More than 200 children from both sides of the border took part in the Flodden 1513 Ecomuseum Big Dig at Ford Moss.
Youngsters from Ayton, Chirnside and Coldstream Primary Schools, Longridge Towers School, Tweedmouth West First School and 1st Longridge B-P Scout Group all took part.
The Big Dig is a community archaeological excavation initiative designed specifically for schools and youth groups.
Children tried their hand at a variety of archaeological activities, from excavating and metal detecting, to kite aerial photography.
They also had the opportunity to look at a range of archive sources such as census information, historic maps and old photographs.
Jane Miller, Flodden 1513 education officer said: “The aim of the Big Dig is to give local children the opportunity to take part in a real archaeological excavation and learn a variety of archaeological and historical skills.
“As organisers, we very much hope that through taking part in the Big Dig the children will now have the skills and be encouraged to find out more about the history of their own communities.”
The event took place at Ford Moss, the site of the former Ford Moss Colliery. Known to have been active from the 17th century, the archaeological remains of the former colliery at Ford Moss are an iconic feature of the landscape.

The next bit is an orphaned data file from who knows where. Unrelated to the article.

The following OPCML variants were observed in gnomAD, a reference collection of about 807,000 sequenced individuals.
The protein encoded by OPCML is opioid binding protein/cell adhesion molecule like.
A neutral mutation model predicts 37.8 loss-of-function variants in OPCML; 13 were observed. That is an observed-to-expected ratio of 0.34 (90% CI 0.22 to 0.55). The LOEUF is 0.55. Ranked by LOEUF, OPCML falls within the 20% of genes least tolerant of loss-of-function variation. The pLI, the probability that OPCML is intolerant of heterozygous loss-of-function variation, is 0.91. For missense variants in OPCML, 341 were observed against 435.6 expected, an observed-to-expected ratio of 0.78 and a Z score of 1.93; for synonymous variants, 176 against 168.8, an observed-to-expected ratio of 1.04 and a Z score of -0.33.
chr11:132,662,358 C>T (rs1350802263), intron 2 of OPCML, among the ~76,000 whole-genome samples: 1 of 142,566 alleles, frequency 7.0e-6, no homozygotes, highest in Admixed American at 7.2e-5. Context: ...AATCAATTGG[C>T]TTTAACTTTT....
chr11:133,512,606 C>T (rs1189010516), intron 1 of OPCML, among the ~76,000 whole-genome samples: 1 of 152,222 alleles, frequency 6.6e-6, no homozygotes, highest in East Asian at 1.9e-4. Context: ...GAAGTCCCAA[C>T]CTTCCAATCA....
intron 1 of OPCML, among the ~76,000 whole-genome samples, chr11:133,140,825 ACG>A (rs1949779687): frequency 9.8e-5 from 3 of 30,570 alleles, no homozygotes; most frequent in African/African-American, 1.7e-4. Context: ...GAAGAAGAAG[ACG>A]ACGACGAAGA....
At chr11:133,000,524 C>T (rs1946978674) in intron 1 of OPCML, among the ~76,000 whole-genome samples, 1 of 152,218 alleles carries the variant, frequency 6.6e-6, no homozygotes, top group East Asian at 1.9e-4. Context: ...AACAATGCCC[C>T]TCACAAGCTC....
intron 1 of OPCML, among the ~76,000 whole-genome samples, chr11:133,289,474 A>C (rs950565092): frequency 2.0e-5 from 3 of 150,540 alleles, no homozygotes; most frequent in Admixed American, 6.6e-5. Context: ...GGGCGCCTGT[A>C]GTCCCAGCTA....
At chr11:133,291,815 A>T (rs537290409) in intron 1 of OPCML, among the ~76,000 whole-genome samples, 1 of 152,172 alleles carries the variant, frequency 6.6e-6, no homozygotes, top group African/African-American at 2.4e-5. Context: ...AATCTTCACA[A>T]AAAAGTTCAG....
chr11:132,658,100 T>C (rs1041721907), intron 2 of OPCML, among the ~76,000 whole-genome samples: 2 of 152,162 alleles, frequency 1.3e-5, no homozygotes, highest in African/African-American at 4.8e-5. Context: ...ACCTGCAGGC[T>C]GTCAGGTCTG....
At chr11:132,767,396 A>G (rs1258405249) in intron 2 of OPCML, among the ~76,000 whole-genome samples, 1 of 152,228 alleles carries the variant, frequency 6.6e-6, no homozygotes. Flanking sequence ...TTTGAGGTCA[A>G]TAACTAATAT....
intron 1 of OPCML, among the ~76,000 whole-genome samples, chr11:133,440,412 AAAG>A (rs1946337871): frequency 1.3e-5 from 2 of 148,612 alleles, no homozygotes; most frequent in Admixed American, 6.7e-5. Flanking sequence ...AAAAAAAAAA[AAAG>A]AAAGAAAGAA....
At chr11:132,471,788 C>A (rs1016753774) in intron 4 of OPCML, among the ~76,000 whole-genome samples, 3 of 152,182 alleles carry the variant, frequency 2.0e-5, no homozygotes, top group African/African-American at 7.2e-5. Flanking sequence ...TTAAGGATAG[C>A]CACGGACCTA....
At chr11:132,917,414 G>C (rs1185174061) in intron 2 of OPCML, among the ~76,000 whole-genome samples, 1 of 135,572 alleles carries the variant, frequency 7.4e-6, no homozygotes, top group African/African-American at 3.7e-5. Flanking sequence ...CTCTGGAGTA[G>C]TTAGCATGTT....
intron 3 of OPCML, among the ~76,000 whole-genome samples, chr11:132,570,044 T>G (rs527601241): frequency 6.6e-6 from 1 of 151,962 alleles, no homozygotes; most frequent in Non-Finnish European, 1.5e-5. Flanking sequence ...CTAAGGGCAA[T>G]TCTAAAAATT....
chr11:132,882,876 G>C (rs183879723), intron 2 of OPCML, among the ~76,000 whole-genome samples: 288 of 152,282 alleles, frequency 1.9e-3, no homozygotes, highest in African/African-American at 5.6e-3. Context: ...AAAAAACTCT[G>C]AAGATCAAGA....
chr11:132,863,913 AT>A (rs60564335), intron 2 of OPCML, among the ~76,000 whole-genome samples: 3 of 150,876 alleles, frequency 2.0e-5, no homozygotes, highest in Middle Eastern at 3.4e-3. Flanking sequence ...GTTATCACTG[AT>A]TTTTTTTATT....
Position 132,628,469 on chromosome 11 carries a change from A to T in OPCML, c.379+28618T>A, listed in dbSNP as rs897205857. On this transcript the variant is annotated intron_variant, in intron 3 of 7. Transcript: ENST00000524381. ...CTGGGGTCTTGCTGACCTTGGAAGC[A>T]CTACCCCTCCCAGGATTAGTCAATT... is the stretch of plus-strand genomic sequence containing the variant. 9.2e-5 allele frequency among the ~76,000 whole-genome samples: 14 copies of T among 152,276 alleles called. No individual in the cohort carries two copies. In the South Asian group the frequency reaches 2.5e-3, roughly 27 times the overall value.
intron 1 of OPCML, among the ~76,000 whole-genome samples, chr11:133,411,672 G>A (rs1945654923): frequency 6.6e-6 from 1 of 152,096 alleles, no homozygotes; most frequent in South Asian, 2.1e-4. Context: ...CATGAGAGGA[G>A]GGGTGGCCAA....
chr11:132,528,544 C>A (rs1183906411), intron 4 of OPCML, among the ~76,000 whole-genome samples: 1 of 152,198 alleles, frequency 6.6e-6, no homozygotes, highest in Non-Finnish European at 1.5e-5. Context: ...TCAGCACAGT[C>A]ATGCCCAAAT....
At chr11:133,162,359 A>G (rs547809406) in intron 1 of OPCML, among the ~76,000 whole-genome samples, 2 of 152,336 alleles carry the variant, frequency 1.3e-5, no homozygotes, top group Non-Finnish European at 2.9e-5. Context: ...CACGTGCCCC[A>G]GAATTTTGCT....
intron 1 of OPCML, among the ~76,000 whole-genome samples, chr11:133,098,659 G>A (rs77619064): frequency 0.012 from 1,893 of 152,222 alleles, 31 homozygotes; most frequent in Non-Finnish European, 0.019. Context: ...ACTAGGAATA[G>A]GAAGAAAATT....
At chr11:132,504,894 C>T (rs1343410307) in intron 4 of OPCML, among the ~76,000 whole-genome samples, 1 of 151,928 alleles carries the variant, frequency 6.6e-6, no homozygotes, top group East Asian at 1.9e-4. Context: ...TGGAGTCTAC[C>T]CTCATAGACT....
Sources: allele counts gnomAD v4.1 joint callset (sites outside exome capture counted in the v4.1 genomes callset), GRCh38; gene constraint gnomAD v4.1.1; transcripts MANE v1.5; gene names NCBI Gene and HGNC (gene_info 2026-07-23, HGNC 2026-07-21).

The coal mine largely operated along the northern and western edges of Ford Moss, where the ruin of an old engine house and a large brick chimney are the most obvious features.
The mine closed in 1918, but several of the miners who lived and worked at Ford Moss colliery in the late 19th century were depicted by Louisa Lady Waterford in her famous paintings on the walls of the school which she built in Ford.
The excavation was directed by the Flodden 1513 archaeology manager, Dr. Chris Burgess while archivist, Linda Bankier, delivered the documentary research activities.
The excavation took place by the ruined miners’ cottages. Pottery, glass, clay pipes, fragments of children’s toys and animal bones were amongst the many finds.
Archaeology Scotland brought their kite aerial photography kit. The kite’s camera produced images of the colliery site from the air.